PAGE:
Senior Living

/

Health

It’s hurricane season … are you prepared?

on

Note: This is Toni King’s annual reminder about preparing for a natural disaster or other emergency. It is a rerun, adapted from her June 1, 2023, column.

Dear Toni,

In August 2017, Hurricane Harvey absolutely devastated my wife. Now, her 88-year-old mother is living in an assisted living facility, and we live over 10 miles away from her.

What can we do to be prepared for another hurricane, tornado or other emergency should it happen in our area to protect the elderly? We are concerned the assisted living facility does not have an evacuation plan and I cannot find one online. Thanks.

--Mark from Tomball, Texas

Hello Mark:

Hurricane season officially starts Saturday, June 1 and will not end until Saturday, November 30. As we get deeper into the season, the storms get stronger.

Everyone should have a family disaster readiness plan for hurricanes, tornadoes, earthquakes, and all types of disasters. Having a readiness plan is especially crucial for seniors or those who are disabled, because many are dependent on technology for their life support or ongoing medical treatment.

Here are a few questions, to help you prepare for any disaster or hurricane:

1. Do I stay or go? This will depend on where you live. If you live in a city or other highly populated area, leave early. During past storms, people were caught in massive traffic jams, waiting on the highway for hours or days to evacuate. Leaving early will help you avoid serious delays and avoid running out of gas while stuck in traffic.

-- Make sure you have a sufficient supply of your prescriptions and always bring your list of current prescriptions for yourself and any family member.

-- Have a copy of medical records for those with critical medical conditions (such as your mother-in-law’s, Mark). Keep the medical records in a safe place that you can get to immediately when evacuating. Also bring all legal documents such as Medical Power of Attorney and Living Will.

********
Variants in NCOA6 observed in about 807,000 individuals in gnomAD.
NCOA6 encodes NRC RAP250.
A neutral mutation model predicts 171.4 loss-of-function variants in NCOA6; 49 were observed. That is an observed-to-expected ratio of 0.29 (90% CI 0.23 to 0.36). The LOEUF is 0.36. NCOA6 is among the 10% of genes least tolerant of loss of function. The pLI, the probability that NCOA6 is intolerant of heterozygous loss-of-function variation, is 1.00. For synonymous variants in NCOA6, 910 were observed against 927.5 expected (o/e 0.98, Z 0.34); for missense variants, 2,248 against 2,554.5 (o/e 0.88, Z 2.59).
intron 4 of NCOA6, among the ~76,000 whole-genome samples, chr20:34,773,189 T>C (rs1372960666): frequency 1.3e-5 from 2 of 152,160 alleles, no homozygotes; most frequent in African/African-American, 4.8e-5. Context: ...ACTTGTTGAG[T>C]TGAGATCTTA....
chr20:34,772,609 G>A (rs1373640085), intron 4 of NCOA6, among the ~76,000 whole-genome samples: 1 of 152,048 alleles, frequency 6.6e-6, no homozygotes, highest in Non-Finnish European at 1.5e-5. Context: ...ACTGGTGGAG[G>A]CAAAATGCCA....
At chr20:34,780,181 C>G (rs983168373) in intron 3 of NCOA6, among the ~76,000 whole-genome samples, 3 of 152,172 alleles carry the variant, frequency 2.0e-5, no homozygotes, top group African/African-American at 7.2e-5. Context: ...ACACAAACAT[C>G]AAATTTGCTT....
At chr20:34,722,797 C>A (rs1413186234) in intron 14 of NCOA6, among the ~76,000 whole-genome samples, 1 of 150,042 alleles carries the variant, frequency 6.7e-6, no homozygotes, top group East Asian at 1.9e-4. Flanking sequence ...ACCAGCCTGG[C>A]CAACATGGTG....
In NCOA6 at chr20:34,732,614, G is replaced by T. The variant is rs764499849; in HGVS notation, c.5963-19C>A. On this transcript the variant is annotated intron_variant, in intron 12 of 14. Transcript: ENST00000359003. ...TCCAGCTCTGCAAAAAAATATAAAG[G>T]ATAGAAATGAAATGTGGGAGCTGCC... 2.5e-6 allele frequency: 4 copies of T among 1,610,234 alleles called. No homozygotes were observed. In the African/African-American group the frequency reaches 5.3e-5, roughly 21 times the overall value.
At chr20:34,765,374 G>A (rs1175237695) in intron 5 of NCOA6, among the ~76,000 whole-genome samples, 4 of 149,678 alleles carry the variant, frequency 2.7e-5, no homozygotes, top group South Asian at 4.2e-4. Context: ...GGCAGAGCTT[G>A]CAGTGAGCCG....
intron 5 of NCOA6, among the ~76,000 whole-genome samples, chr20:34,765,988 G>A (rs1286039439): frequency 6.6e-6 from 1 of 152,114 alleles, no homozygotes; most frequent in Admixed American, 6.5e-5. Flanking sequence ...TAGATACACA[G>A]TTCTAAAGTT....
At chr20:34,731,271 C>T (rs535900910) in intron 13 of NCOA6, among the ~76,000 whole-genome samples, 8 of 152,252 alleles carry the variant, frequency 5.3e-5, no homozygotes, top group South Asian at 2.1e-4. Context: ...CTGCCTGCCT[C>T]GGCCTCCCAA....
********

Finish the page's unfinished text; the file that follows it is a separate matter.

-- Have a backup plan in case you are not in town for the emergency, so other family members can take over for the elderly loved one.

2. Do I have access to clean water? If you do not have access to clean water, then any crisis becomes critical in a couple of days. Remember, you may not have access to a grocery store, or, even if you do, its supplies may be depleted.

3. Do I have an adequate food supply? Most households have a few days of food already available, but the best way to stock up on additional food and supplies is to add a little bit extra each week. Remember that during an emergency, the power may be out, so cook your frozen and refrigerated food first.

4. Do I have enough cash on hand? Keep your checkbook with you in case you run out of cash and the ATMs are not operating.

5. Does my family know where to meet? It is important that all family members and loved ones know where to meet in a disaster.

After Hurricane Harvey devastated us in Texas and the pandemic impacted everyone’s lives, America cannot take storms and natural disasters lightly. Limited access to essential supplies such as water, groceries and baby formula have affected us all.

I remember watching the news during Tropical Storm Allison in June 2001 when 18-wheelers were floating sideways down I-10 because the water was so high. That was the moment I learned the importance of being prepared!

It’s true of both Hurricanes and Medicare, “What you don’t know WILL hurt you!”

- - -

Toni King is an author and columnist on Medicare and health insurance issues. She has spent nearly 30 years as a top sales leader in the field. If you have a Medicare question, email info@tonisays.com or call 832-519-8664. The “Medicare Survival Guide Advanced” edition and her new “Confused about Medicare” video series are available at www.tonisays.com.


Copyright 2024 Toni King, Distributed by Counterpoint Media


 

Comics

BC Rubes Bizarro Hi and Lois Cul de Sac Dustin